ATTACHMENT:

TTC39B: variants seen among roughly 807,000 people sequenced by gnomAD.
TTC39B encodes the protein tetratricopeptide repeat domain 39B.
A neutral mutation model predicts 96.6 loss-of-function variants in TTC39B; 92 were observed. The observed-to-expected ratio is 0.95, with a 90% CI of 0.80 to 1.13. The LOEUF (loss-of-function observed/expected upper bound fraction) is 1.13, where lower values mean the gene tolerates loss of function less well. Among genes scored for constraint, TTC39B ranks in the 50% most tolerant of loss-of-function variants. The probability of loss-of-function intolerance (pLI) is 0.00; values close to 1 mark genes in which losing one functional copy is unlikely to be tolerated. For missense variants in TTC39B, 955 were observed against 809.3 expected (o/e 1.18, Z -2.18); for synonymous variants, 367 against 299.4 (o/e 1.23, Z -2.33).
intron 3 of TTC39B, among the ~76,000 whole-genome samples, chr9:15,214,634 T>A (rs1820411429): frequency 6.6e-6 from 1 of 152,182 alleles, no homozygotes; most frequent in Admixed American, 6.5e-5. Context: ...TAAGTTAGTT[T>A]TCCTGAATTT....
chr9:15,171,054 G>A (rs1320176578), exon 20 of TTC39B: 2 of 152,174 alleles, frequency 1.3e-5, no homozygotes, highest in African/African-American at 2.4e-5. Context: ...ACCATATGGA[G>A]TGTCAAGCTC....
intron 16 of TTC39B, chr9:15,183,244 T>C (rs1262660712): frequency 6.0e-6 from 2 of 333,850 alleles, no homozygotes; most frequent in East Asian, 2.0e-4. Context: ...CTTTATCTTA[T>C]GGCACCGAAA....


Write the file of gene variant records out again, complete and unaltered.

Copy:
TTC39B: variants seen among roughly 807,000 people sequenced by gnomAD.
TTC39B encodes the protein tetratricopeptide repeat domain 39B.
A neutral mutation model predicts 96.6 loss-of-function variants in TTC39B; 92 were observed. The observed-to-expected ratio is 0.95, with a 90% CI of 0.80 to 1.13. The LOEUF (loss-of-function observed/expected upper bound fraction) is 1.13, where lower values mean the gene tolerates loss of function less well. Among genes scored for constraint, TTC39B ranks in the 50% most tolerant of loss-of-function variants. The probability of loss-of-function intolerance (pLI) is 0.00; values close to 1 mark genes in which losing one functional copy is unlikely to be tolerated. For missense variants in TTC39B, 955 were observed against 809.3 expected (o/e 1.18, Z -2.18); for synonymous variants, 367 against 299.4 (o/e 1.23, Z -2.33).
intron 3 of TTC39B, among the ~76,000 whole-genome samples, chr9:15,214,634 T>A (rs1820411429): frequency 6.6e-6 from 1 of 152,182 alleles, no homozygotes; most frequent in Admixed American, 6.5e-5. Context: ...TAAGTTAGTT[T>A]TCCTGAATTT....
chr9:15,171,054 G>A (rs1320176578), exon 20 of TTC39B: 2 of 152,174 alleles, frequency 1.3e-5, no homozygotes, highest in African/African-American at 2.4e-5. Context: ...ACCATATGGA[G>A]TGTCAAGCTC....
intron 16 of TTC39B, chr9:15,183,244 T>C (rs1262660712): frequency 6.0e-6 from 2 of 333,850 alleles, no homozygotes; most frequent in East Asian, 2.0e-4. Context: ...CTTTATCTTA[T>C]GGCACCGAAA....